1993-11-08 - Re: Private and Public

Header Data

From: Arthur Chandler <arthurc@crl.com>
To: nick@mit.edu
Message Hash: a6cba28291dd6e97d94b35f9c1031621d126fa02632459ac401d38ed14c2ed2e
Message ID: <Pine.3.87.9311081157.A17620-0100000@crl.crl.com>
Reply To: <199311081917.AA15324@crl.crl.com>
UTC Datetime: 1993-11-08 20:13:03 UTC
Raw Date: Mon, 8 Nov 93 12:13:03 PST

Raw message

From: Arthur Chandler <arthurc@crl.com>
Date: Mon, 8 Nov 93 12:13:03 PST
To: nick@mit.edu
Subject: Re: Private and Public
In-Reply-To: <199311081917.AA15324@crl.crl.com>
Message-ID: <Pine.3.87.9311081157.A17620-0100000@crl.crl.com>
MIME-Version: 1.0
Content-Type: text/plain

     Hmmm... my post may well ignite some flames; but I can't go along with
the notion that this list is for purely tech discussion. Encryption is a
social and political issue as well as a technical one, isn't it?  I would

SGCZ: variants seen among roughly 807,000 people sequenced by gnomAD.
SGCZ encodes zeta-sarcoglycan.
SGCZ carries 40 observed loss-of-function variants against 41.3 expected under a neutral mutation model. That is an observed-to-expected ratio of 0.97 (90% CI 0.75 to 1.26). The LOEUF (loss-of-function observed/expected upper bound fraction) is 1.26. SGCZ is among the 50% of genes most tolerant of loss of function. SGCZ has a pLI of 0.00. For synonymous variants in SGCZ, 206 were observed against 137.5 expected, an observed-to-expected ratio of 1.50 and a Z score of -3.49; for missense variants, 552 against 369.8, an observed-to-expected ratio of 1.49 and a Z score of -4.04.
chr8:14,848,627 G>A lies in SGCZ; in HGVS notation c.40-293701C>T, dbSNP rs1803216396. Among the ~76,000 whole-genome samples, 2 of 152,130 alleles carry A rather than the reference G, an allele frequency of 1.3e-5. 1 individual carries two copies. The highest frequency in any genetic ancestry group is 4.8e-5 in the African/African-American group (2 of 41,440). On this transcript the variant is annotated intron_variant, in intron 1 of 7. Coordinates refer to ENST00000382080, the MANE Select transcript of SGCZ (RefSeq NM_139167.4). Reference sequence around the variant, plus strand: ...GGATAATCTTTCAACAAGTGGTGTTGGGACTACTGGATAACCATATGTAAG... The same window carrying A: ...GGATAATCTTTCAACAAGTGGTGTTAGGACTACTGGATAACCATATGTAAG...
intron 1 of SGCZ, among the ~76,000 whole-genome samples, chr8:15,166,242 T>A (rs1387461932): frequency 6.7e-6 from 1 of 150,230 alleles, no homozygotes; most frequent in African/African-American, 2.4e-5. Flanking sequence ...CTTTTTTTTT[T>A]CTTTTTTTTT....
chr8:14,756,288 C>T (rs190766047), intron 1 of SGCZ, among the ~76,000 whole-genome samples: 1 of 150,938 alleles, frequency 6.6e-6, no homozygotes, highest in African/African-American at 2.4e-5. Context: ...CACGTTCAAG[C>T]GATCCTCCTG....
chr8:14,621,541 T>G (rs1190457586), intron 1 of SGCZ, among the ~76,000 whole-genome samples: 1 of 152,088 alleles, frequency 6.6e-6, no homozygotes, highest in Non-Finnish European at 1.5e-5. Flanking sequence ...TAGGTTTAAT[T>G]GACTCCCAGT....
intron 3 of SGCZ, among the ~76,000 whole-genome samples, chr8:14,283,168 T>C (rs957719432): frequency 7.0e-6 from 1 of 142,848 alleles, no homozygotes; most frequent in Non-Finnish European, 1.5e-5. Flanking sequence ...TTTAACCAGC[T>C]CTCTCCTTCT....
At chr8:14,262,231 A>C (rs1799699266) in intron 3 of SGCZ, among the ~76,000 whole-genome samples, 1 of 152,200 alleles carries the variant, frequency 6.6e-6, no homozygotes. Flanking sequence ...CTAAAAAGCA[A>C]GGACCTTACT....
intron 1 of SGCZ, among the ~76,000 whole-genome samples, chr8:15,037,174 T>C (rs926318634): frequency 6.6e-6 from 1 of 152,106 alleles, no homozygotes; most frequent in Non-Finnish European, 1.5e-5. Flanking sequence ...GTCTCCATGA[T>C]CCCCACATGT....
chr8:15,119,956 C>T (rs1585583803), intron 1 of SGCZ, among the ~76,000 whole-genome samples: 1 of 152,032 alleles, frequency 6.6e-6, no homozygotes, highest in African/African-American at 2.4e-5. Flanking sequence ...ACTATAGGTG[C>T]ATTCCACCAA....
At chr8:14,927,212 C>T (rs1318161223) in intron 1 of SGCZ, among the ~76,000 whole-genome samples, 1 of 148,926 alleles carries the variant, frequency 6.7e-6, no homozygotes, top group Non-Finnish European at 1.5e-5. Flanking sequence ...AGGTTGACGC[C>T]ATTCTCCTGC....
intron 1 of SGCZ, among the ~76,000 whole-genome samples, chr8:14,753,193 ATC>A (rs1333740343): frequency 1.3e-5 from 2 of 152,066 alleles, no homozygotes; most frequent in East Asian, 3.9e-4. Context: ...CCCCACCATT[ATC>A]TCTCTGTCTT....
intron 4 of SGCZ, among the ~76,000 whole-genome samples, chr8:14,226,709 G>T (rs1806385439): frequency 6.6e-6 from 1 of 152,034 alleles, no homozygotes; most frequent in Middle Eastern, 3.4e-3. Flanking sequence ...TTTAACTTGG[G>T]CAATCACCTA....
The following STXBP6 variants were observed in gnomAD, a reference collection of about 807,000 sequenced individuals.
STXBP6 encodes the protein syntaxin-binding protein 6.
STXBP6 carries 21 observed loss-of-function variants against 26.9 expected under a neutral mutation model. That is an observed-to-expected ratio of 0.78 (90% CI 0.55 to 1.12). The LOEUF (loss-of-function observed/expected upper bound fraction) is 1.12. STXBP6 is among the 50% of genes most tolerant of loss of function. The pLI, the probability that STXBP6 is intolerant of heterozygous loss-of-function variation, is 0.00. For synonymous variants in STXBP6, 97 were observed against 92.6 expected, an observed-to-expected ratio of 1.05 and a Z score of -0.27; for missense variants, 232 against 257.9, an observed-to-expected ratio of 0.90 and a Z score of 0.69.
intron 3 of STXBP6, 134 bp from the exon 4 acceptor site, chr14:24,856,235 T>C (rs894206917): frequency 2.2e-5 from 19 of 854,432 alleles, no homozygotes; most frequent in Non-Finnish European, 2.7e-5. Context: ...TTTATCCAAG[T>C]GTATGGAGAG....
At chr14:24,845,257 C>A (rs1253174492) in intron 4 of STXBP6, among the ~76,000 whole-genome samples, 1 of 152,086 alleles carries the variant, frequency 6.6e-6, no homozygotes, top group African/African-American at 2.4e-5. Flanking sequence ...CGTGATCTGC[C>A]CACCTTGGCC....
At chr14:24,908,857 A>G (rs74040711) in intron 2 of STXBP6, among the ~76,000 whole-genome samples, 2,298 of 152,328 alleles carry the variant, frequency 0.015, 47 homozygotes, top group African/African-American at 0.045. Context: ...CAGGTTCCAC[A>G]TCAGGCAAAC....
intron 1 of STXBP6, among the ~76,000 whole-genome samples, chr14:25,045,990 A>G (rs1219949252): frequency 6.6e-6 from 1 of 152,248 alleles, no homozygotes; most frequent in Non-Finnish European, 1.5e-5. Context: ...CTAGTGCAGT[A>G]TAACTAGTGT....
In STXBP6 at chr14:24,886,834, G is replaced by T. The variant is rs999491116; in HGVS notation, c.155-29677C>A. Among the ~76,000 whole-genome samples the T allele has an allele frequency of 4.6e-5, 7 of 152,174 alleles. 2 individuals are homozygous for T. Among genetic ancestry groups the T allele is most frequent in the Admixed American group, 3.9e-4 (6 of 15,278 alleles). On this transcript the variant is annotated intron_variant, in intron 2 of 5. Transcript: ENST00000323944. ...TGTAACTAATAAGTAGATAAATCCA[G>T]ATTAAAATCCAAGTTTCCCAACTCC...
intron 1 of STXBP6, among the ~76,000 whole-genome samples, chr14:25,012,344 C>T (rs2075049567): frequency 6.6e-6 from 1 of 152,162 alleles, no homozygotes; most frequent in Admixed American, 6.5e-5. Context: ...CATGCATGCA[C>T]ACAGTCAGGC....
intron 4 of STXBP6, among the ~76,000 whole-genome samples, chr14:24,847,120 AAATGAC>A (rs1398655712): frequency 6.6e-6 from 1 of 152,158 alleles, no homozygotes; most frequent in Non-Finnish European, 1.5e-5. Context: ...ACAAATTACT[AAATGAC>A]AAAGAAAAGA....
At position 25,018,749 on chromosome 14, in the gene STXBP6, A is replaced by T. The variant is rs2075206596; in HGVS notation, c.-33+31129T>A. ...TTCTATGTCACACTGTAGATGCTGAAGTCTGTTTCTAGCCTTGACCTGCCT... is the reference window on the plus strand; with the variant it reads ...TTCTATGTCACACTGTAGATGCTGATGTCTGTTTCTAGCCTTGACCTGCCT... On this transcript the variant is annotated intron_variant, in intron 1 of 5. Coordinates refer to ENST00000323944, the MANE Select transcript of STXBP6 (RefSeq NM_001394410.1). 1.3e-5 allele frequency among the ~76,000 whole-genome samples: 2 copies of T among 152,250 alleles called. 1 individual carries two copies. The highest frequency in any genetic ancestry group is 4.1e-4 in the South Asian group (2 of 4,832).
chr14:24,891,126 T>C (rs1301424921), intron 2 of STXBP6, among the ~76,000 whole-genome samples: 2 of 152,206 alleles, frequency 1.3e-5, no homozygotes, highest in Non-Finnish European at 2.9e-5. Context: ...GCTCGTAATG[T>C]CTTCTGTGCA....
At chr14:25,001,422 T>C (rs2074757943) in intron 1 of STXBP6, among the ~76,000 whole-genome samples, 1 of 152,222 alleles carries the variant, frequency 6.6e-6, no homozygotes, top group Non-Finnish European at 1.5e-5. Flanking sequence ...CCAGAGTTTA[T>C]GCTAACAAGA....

think that it's more dangerous to ignore the social and political
ramifications than to have them out publically.
    It seems to me that encryption poses LOTS of dilemmas for any 
government. I chose just one -- taxes -- for my post. And looks like 
there are quite a few viewpoints on that one, with regards to the 
government's right to examine your income sources. The fact the encryption 
schemes are classified as military  (or military-type) material and so 
are subject to comparable controls by  the State Department should alert 
us to this fact. So to insist that we  stick to Greatest Primes and 
Modulo seems... unrealistic.
    Of course, if the discussion seems pointless or irrelevant to you... 
there's always the delete key.
    My :9&53xS+ (= digital $.02) worth.

On Mon, 8 Nov 1993, Nick Papadakis wrote:

> >   What do you think?
> 	I think you are inviting a political flame war on what is
> supposed to be a technical list.  Please take it to alt.privacy.
> 	- nick